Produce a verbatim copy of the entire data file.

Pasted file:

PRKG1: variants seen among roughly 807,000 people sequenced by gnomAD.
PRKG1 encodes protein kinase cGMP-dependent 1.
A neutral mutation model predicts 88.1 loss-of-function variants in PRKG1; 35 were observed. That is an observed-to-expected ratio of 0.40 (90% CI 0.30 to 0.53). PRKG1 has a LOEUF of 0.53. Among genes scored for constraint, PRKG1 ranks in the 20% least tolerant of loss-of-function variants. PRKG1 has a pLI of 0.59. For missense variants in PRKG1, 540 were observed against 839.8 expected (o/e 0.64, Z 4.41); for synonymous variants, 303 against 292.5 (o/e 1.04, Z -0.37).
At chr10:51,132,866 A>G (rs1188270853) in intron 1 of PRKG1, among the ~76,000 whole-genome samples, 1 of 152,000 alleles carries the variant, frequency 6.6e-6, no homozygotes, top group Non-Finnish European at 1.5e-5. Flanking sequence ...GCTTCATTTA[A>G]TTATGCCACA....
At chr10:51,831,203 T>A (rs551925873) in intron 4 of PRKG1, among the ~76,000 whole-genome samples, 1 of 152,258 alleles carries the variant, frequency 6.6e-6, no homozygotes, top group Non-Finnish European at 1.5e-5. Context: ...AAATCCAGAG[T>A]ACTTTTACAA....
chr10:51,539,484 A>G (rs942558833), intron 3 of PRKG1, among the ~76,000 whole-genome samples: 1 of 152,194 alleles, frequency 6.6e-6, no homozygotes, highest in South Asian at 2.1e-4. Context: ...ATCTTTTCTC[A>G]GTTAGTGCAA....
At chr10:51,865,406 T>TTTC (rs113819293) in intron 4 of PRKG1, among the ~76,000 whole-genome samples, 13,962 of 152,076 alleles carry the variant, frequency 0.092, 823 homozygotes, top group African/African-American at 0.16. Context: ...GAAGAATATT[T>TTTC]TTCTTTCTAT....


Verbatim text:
PRKG1: variants seen among roughly 807,000 people sequenced by gnomAD.
PRKG1 encodes protein kinase cGMP-dependent 1.
A neutral mutation model predicts 88.1 loss-of-function variants in PRKG1; 35 were observed. That is an observed-to-expected ratio of 0.40 (90% CI 0.30 to 0.53). PRKG1 has a LOEUF of 0.53. Among genes scored for constraint, PRKG1 ranks in the 20% least tolerant of loss-of-function variants. PRKG1 has a pLI of 0.59. For missense variants in PRKG1, 540 were observed against 839.8 expected (o/e 0.64, Z 4.41); for synonymous variants, 303 against 292.5 (o/e 1.04, Z -0.37).
At chr10:51,132,866 A>G (rs1188270853) in intron 1 of PRKG1, among the ~76,000 whole-genome samples, 1 of 152,000 alleles carries the variant, frequency 6.6e-6, no homozygotes, top group Non-Finnish European at 1.5e-5. Flanking sequence ...GCTTCATTTA[A>G]TTATGCCACA....
At chr10:51,831,203 T>A (rs551925873) in intron 4 of PRKG1, among the ~76,000 whole-genome samples, 1 of 152,258 alleles carries the variant, frequency 6.6e-6, no homozygotes, top group Non-Finnish European at 1.5e-5. Context: ...AAATCCAGAG[T>A]ACTTTTACAA....
chr10:51,539,484 A>G (rs942558833), intron 3 of PRKG1, among the ~76,000 whole-genome samples: 1 of 152,194 alleles, frequency 6.6e-6, no homozygotes, highest in South Asian at 2.1e-4. Context: ...ATCTTTTCTC[A>G]GTTAGTGCAA....
At chr10:51,865,406 T>TTTC (rs113819293) in intron 4 of PRKG1, among the ~76,000 whole-genome samples, 13,962 of 152,076 alleles carry the variant, frequency 0.092, 823 homozygotes, top group African/African-American at 0.16. Context: ...GAAGAATATT[T>TTTC]TTCTTTCTAT....